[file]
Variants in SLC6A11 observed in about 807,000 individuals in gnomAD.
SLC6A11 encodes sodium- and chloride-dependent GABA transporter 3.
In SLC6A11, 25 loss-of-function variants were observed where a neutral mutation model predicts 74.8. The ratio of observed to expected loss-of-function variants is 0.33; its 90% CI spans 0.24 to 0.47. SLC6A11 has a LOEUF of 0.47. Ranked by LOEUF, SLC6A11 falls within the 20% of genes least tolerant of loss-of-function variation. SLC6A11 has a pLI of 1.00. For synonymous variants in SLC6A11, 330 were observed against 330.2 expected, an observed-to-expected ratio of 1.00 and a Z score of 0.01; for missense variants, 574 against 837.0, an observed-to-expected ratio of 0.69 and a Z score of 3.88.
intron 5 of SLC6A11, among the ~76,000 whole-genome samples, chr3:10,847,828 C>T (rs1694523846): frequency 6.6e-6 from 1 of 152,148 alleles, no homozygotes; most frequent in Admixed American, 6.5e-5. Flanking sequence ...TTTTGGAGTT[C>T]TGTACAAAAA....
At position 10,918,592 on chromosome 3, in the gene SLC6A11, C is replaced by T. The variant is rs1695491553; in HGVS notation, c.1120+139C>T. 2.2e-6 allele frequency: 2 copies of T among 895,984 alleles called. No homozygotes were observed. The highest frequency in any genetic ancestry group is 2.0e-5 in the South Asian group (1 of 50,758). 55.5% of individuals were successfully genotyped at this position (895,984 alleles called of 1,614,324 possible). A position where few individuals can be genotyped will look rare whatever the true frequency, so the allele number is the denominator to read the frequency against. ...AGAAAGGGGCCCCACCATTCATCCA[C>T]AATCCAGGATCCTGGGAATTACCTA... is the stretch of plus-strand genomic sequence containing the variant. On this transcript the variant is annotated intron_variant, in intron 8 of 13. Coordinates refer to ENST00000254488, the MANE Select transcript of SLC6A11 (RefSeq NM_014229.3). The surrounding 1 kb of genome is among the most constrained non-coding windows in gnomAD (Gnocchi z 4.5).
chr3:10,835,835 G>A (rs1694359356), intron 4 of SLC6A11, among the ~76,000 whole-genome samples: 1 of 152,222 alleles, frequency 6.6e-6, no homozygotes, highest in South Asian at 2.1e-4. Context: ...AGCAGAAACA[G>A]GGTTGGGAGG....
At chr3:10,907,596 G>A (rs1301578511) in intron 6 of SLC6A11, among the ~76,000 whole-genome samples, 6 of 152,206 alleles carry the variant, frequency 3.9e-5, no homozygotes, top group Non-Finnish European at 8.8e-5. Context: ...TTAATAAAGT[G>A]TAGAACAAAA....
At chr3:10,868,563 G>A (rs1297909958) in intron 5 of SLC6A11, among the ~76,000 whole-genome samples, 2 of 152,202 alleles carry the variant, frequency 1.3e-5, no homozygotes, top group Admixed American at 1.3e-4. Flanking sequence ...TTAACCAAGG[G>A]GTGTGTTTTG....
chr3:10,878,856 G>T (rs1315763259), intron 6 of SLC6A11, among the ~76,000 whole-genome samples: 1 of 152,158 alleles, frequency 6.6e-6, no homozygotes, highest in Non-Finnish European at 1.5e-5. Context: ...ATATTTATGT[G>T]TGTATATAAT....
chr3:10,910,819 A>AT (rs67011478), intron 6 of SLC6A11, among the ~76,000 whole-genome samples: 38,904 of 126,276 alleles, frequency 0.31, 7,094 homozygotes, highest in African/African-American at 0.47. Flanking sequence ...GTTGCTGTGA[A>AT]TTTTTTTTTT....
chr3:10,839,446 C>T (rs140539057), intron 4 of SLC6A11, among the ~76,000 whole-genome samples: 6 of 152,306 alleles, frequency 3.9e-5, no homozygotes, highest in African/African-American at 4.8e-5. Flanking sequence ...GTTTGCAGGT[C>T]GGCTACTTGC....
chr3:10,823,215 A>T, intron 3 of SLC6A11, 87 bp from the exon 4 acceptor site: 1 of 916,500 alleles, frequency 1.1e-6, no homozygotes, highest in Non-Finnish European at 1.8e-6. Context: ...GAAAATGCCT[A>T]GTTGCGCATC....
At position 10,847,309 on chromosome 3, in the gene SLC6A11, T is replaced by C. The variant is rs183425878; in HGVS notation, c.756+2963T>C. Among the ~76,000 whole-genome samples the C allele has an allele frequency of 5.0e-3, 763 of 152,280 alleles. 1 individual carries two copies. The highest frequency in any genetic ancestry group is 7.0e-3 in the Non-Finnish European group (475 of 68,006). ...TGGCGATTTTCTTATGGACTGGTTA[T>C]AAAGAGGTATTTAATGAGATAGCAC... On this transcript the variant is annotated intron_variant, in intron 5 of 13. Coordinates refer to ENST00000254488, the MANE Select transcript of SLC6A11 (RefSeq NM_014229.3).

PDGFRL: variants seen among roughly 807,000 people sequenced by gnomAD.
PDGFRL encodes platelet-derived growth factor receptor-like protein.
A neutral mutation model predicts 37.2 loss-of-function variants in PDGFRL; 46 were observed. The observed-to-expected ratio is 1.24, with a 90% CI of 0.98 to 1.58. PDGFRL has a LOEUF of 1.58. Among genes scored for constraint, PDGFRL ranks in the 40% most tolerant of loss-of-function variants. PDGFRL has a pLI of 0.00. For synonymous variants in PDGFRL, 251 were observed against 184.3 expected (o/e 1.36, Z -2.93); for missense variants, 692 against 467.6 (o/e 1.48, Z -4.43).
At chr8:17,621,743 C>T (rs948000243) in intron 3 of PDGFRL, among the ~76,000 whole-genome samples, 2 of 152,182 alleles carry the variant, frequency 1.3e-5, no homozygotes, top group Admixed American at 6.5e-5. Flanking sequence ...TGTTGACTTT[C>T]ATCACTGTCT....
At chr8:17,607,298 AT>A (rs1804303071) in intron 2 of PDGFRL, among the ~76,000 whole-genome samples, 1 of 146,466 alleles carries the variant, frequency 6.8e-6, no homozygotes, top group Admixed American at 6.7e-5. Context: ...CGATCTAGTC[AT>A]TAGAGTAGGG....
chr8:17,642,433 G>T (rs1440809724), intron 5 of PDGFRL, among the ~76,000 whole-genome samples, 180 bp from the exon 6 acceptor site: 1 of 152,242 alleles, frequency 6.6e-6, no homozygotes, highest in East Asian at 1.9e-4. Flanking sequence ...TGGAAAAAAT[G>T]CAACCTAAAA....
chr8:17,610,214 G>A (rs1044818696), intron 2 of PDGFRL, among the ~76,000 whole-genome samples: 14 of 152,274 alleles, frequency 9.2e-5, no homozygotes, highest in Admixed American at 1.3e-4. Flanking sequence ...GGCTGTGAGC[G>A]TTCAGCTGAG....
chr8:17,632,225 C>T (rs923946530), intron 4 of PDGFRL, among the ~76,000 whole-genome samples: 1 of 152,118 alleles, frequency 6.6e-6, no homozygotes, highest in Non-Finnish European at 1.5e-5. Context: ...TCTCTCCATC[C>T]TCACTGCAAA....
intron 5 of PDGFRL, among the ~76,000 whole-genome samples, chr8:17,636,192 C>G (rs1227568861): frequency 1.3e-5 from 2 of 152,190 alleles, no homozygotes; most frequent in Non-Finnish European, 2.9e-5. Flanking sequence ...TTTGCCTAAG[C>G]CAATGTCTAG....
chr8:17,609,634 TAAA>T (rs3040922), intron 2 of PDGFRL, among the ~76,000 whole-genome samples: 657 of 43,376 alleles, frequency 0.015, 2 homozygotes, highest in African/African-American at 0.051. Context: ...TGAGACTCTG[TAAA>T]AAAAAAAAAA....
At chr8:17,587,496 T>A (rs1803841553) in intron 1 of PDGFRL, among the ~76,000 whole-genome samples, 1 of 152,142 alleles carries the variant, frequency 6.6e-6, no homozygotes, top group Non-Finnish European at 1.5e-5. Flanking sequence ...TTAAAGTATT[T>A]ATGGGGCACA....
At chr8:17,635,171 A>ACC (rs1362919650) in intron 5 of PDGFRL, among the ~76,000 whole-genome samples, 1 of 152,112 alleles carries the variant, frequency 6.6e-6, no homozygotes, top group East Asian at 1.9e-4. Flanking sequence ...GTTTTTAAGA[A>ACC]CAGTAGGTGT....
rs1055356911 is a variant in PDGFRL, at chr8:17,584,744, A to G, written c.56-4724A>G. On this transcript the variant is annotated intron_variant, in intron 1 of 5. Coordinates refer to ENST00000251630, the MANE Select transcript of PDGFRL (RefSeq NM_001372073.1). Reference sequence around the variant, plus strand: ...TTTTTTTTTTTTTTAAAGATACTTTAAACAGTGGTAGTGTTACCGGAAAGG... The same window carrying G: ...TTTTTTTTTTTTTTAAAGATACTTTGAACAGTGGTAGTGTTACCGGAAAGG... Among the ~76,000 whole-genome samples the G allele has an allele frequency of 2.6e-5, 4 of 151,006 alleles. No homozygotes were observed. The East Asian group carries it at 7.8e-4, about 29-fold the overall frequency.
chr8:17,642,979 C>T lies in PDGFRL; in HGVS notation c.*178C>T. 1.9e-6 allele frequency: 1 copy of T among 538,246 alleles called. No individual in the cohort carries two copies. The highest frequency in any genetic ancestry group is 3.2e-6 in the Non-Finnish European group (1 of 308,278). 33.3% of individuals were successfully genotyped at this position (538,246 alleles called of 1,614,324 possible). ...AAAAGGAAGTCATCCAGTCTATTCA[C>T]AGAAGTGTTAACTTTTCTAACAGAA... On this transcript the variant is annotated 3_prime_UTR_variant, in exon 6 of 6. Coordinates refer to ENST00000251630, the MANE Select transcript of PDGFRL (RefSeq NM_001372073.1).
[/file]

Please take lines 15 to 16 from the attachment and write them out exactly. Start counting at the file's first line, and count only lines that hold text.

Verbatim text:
PDGFRL encodes platelet-derived growth factor receptor-like protein.
A neutral mutation model predicts 37.2 loss-of-function variants in PDGFRL; 46 were observed. The observed-to-expected ratio is 1.24, with a 90% CI of 0.98 to 1.58. PDGFRL has a LOEUF of 1.58. Among genes scored for constraint, PDGFRL ranks in the 40% most tolerant of loss-of-function variants. PDGFRL has a pLI of 0.00. For synonymous variants in PDGFRL, 251 were observed against 184.3 expected (o/e 1.36, Z -2.93); for missense variants, 692 against 467.6 (o/e 1.48, Z -4.43).